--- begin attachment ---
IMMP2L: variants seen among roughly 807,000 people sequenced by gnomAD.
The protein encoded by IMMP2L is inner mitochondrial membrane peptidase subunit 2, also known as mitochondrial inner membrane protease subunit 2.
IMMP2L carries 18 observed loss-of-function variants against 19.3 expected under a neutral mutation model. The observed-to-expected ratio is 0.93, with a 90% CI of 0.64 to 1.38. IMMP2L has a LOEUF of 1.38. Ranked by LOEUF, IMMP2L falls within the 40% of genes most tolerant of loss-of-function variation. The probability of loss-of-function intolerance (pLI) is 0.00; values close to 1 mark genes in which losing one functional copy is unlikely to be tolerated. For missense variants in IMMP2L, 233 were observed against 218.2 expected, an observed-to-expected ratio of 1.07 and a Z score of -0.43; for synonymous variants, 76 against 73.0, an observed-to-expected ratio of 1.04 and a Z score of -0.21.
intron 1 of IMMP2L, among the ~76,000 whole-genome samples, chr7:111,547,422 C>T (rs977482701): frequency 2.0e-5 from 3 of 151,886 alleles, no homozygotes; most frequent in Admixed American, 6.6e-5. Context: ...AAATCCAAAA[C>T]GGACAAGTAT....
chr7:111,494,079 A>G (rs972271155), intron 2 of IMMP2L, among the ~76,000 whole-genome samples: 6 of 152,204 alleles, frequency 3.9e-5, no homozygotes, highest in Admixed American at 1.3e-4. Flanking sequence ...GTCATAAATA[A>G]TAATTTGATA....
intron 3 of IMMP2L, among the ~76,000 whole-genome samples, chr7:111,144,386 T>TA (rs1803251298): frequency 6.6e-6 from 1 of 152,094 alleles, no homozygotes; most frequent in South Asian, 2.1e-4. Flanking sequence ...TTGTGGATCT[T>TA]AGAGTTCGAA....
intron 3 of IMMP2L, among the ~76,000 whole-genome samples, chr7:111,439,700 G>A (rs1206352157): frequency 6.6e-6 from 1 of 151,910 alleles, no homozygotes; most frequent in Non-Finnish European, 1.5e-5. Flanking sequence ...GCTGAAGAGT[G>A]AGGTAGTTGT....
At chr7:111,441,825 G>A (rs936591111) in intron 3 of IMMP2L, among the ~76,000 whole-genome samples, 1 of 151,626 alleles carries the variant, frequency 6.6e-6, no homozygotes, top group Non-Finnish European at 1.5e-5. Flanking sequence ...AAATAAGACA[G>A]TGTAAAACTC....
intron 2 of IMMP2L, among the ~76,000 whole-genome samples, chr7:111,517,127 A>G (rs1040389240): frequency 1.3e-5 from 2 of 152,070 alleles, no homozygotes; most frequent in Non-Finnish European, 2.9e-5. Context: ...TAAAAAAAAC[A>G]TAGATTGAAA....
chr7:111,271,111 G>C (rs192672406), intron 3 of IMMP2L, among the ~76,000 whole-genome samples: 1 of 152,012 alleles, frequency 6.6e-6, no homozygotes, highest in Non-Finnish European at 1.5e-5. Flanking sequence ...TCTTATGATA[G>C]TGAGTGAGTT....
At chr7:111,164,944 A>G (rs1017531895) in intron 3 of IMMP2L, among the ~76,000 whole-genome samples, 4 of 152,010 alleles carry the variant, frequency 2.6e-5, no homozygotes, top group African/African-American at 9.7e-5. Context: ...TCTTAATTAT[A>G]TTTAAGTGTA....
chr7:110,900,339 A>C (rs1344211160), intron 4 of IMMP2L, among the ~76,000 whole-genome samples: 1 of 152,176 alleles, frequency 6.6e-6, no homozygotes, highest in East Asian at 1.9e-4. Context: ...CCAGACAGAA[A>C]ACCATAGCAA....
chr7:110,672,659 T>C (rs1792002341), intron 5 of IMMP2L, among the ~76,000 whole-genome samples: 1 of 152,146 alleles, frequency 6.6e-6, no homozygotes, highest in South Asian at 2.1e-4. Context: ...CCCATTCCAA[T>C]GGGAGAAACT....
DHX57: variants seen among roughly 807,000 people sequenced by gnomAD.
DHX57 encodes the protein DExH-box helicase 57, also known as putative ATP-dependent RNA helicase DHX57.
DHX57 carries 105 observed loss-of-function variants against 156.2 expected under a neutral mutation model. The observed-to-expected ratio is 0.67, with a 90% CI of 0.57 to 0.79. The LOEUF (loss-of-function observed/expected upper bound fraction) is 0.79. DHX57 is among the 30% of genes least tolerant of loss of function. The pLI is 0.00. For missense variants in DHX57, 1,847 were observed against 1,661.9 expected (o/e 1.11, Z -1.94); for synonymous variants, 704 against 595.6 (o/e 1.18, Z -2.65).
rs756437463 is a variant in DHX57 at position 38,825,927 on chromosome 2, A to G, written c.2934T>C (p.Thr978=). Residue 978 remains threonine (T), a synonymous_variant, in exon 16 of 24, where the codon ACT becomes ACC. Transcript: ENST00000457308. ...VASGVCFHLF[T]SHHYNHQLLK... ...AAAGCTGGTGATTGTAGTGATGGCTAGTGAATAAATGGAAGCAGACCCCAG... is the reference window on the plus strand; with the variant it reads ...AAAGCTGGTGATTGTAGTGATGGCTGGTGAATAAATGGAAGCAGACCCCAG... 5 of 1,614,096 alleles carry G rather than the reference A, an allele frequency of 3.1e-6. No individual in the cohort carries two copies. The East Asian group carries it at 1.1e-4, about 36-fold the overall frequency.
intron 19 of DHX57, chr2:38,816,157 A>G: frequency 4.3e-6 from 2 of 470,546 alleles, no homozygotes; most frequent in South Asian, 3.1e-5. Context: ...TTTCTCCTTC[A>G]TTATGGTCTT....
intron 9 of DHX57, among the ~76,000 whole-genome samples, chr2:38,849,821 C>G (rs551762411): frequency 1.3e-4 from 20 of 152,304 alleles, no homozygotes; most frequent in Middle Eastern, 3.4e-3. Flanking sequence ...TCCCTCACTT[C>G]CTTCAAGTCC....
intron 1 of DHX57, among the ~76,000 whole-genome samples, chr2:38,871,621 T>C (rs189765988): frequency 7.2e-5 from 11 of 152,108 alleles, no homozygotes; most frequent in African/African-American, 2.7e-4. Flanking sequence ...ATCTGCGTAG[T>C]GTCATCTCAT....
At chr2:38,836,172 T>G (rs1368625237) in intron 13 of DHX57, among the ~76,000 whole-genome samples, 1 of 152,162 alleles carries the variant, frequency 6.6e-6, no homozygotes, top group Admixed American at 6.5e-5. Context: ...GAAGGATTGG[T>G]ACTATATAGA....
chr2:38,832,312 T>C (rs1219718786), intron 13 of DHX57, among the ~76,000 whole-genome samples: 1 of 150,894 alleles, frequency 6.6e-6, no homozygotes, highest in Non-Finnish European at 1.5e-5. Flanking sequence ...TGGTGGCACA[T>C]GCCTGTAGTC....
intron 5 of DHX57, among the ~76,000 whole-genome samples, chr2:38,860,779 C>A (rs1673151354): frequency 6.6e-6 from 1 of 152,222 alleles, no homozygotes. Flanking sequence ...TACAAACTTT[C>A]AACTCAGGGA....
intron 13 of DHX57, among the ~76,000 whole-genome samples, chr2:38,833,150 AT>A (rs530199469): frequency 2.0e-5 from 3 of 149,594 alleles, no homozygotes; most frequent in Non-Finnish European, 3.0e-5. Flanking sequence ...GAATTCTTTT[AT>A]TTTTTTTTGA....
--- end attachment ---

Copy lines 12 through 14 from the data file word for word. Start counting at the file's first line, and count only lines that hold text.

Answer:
chr7:110,900,339 A>C (rs1344211160), intron 4 of IMMP2L, among the ~76,000 whole-genome samples: 1 of 152,176 alleles, frequency 6.6e-6, no homozygotes, highest in East Asian at 1.9e-4. Context: ...CCAGACAGAA[A>C]ACCATAGCAA....
chr7:110,672,659 T>C (rs1792002341), intron 5 of IMMP2L, among the ~76,000 whole-genome samples: 1 of 152,146 alleles, frequency 6.6e-6, no homozygotes, highest in South Asian at 2.1e-4. Context: ...CCCATTCCAA[T>C]GGGAGAAACT....
DHX57: variants seen among roughly 807,000 people sequenced by gnomAD.